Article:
Tuesday, April 13, 2010

How I Found My Plot

I made a "breakthrough" this weekend in my latest YA novel effort. All the ideas were there, floating around in a cerebral stew, but I couldn't quite nail it. I couldn't quite get them all to cooperate and gel into something plot-like.

I'm a little ashamed to say I found my lost organization in this book:


Book in a Month has some major flaws--the most salient being it is set up like a screenwriting course. Is that what every modern author is supposed to aspire to be, a screenwriter? Almost every example in the book is related to popular movies, and I found that a little vexing. But--because of this book, I began to think of my book as a series of related scenes, each leading to the next and each with a purpose. A lightbulb clicked on.

I scribbled like mad, and now I have thirty odd scenes and lots of other tiny bits and I wish I could write faster.

Oh, and I'm calling this book Borrowed Saints. Thoughts?

17 comments:

Cate Gardner said...

A series of related scenes... Strokes hairless chin. Interesting. I guess this is similar to the folk who write their notes on cards and then shuffle them into order. Strokes chin again.

Aaron Polson said...

Ha! I need subplots (or so says the agent who rejected me twice and suggested I come back for a third beating). The scene method has realy helped me sort out said subplots for some reason. We shall see.

K.Hinny said...

Aaron,

Borrowed Saints is a great title. And good luck with your story. I hear chugging vast amounts of Redbull does the "write faster" trick, I however have never tried it, so I can not speak from expeirence. Only urban legends of writers past.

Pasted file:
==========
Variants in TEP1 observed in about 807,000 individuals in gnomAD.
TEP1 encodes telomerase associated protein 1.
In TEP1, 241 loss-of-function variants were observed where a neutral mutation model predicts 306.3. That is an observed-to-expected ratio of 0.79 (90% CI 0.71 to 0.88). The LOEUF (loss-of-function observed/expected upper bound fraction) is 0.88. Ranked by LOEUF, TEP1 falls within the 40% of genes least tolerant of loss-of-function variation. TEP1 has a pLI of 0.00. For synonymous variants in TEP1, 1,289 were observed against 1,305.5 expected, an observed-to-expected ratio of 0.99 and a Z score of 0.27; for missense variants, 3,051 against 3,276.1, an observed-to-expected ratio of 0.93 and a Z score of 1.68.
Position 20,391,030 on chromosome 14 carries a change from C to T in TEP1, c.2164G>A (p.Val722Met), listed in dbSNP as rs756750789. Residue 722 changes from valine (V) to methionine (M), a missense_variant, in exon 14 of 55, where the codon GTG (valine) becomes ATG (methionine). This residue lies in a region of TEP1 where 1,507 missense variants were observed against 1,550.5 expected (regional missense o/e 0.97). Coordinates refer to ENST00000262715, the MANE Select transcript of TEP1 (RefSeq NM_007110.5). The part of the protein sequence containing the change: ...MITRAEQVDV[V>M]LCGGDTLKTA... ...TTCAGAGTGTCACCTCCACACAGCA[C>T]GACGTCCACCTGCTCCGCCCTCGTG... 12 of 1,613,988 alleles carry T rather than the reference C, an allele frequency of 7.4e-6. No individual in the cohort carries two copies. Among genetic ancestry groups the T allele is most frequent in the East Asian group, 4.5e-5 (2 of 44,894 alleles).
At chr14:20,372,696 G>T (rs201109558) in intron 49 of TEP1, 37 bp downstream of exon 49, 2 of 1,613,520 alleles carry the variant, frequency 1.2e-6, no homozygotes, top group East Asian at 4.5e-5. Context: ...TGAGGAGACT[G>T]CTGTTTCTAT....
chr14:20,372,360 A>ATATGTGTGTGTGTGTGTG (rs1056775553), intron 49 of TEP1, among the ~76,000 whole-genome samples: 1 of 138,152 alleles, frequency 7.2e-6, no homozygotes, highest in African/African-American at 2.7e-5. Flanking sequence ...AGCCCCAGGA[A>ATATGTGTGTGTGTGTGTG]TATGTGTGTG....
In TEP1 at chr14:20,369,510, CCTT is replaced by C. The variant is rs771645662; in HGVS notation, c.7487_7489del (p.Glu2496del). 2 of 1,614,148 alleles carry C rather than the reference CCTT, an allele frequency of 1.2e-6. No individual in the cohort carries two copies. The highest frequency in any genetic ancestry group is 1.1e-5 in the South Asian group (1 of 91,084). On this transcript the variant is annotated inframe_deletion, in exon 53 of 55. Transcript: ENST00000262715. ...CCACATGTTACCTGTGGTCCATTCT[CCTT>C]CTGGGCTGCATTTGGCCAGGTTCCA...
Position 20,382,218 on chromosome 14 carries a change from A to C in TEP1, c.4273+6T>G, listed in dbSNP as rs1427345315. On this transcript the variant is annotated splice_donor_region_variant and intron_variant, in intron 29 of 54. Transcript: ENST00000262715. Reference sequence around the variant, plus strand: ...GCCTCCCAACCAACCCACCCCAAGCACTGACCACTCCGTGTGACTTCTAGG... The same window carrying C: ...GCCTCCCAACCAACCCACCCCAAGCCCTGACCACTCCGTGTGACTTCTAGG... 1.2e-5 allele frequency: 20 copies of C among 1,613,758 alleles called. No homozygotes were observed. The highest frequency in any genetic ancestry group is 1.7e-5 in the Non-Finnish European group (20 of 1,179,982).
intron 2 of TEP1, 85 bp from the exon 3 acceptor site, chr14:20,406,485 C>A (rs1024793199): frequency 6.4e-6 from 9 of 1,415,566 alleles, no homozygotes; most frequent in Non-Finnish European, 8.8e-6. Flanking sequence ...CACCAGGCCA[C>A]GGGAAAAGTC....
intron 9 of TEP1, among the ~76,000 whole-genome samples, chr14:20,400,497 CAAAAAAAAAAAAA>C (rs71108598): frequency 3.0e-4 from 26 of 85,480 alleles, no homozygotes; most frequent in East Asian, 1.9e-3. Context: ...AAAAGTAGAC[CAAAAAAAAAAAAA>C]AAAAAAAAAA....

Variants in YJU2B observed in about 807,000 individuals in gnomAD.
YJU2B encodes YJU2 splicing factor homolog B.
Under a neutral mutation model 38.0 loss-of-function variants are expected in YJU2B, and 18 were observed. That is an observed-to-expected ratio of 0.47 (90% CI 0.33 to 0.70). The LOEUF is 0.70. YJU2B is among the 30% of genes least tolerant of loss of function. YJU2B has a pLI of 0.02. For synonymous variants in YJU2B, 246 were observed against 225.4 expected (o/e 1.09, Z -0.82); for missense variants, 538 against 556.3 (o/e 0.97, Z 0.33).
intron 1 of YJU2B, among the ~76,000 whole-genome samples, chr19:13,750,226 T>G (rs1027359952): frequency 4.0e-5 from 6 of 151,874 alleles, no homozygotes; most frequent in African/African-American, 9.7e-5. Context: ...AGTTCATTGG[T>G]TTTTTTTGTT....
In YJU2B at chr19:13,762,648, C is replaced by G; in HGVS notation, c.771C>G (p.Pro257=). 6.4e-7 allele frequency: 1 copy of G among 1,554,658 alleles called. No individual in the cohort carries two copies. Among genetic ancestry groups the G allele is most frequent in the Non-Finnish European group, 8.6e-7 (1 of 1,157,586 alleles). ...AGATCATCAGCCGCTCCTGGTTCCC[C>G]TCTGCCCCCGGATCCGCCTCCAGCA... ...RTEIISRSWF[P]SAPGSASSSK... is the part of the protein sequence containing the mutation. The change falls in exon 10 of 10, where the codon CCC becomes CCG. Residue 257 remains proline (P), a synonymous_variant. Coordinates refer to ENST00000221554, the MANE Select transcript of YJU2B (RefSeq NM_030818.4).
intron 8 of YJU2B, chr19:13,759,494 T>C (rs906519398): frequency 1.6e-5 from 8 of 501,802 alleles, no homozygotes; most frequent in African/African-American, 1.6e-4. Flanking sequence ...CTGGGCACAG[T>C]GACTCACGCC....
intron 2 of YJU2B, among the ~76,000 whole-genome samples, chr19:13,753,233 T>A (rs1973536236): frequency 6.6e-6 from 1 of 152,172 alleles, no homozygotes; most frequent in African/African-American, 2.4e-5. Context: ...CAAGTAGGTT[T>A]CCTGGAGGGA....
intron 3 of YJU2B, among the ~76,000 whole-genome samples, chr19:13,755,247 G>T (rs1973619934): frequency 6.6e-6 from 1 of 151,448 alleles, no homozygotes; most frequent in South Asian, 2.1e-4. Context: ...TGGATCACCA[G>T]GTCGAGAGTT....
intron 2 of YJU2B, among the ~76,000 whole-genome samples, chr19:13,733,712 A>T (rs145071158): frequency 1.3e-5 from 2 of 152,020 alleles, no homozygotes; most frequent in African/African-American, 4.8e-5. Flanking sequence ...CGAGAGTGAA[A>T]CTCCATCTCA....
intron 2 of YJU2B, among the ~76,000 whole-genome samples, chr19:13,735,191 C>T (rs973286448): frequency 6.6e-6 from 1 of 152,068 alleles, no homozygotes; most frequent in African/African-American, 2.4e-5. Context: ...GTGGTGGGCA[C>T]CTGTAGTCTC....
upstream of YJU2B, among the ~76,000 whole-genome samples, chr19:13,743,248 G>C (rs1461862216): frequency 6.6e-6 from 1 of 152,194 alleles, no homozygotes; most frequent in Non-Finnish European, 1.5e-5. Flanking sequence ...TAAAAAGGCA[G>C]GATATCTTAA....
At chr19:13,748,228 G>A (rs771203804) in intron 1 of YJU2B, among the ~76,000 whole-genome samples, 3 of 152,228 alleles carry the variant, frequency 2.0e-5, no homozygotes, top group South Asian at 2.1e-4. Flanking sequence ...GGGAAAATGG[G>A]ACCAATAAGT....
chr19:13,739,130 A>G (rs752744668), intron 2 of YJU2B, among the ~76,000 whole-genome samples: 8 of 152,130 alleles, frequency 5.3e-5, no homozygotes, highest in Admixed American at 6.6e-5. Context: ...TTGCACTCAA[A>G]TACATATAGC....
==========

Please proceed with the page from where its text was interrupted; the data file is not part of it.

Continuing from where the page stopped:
katey said...

Every writing book I've seen has been kind of a grab bag-- full of really good ideas and then some that just make me go, "meh." But man, when it's good, it's brilliant.

The title's a winner, for sure.

Brendan P. Myers said...

Love the title! Seems like anything with "saints" in it does well. And "American (Something)."

Gonna write an "American Something" one day myself just so I can glom on to it.

Aaron Polson said...

Thanks, Hinny. Too much go juice gives me serious headaches, so I'm afraid the redbull trick is out.

Katey - I feel pretty stupid needing such a "duh" book, but organization isn't always my strength. It was a reminder of what I should have already known, more than anything.

Brendan - thanks. "American Saints" as a title might just blow up the planet.

onipar... said...

I like the title, and cograts on getting the scenes moving along. I haven't read any how to type books in a while. I think my last was On Writing.

Brendan said...

Hilarious, Aaron. Got a tingle up my leg just reading it!

Mary Rajotte said...

Now I, too, feel stupid for needing such a "duh" book :)

Seriously, though - it was about the organization for me, too. It has some great questions to think on and anything that can spark ideas is fine by me!

Natalie L. Sin said...

I brainstorm in the "literary" sense about half the time. The other half, I arrange dialogue and action in my head like I'm watching a movie. You know how it goes: sometimes you feel like a nut, sometimes you don't ; )

Jamie Eyberg said...

Viewed through a movie is how many readers, especially young readers, will read a book. Makes sense to me anyway.

Aaron Polson said...

Anthony - How to write books always say pretty much the same thing, just organize it differently.

Brendan - Maybe we can co-author.

Mary - It was your Examiner articles which led me. It's a good book, but I do tire of all the movie refs. Where's the book examples of how to write a book?

Natalie - At least writers have earned their nuts.

Jamie - So true. I just don't want a screenplay in book form.

adnane rehane said...
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Danielle Ferries said...

I love it when a plan comes together. The title is cool too.

Aaron Polson said...

Man, talk about opening yourself up for spam. I won't be purchasing a copy of NewNovelist 2.0, thanks. ppppppbt

Danielle - Thanks!

K.C. Shaw said...

I love the title! The organization idea sounds interesting, hmm. I may have to hit the library to see if that approach might work for me. Trying new ways of approaching writing is always good!

Mary Rajotte said...

"First Draft" offers many book examples (everything from Lord of the Rings, to The Secret Life of Bees and The Lovely Bones) if you're up for checking out another How To book :) The structure/worksheets are similar, though.